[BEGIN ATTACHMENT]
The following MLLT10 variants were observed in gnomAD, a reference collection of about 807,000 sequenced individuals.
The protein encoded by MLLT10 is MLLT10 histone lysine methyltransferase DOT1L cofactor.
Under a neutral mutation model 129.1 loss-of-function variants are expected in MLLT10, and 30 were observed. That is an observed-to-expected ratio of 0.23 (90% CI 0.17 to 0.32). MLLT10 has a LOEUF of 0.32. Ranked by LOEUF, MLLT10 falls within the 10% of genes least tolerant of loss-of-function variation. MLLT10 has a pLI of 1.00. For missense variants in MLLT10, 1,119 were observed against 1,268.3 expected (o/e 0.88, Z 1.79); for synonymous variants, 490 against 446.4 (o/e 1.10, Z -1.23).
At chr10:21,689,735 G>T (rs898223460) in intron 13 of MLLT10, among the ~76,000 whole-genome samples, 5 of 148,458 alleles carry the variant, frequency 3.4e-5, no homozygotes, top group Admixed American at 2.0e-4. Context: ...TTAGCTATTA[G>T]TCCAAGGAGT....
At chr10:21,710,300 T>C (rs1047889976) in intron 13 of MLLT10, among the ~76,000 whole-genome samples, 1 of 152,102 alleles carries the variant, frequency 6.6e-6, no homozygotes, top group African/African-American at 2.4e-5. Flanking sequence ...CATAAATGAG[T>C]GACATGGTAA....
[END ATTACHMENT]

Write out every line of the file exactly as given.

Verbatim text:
The following MLLT10 variants were observed in gnomAD, a reference collection of about 807,000 sequenced individuals.
The protein encoded by MLLT10 is MLLT10 histone lysine methyltransferase DOT1L cofactor.
Under a neutral mutation model 129.1 loss-of-function variants are expected in MLLT10, and 30 were observed. That is an observed-to-expected ratio of 0.23 (90% CI 0.17 to 0.32). MLLT10 has a LOEUF of 0.32. Ranked by LOEUF, MLLT10 falls within the 10% of genes least tolerant of loss-of-function variation. MLLT10 has a pLI of 1.00. For missense variants in MLLT10, 1,119 were observed against 1,268.3 expected (o/e 0.88, Z 1.79); for synonymous variants, 490 against 446.4 (o/e 1.10, Z -1.23).
At chr10:21,689,735 G>T (rs898223460) in intron 13 of MLLT10, among the ~76,000 whole-genome samples, 5 of 148,458 alleles carry the variant, frequency 3.4e-5, no homozygotes, top group Admixed American at 2.0e-4. Context: ...TTAGCTATTA[G>T]TCCAAGGAGT....
At chr10:21,710,300 T>C (rs1047889976) in intron 13 of MLLT10, among the ~76,000 whole-genome samples, 1 of 152,102 alleles carries the variant, frequency 6.6e-6, no homozygotes, top group African/African-American at 2.4e-5. Flanking sequence ...CATAAATGAG[T>C]GACATGGTAA....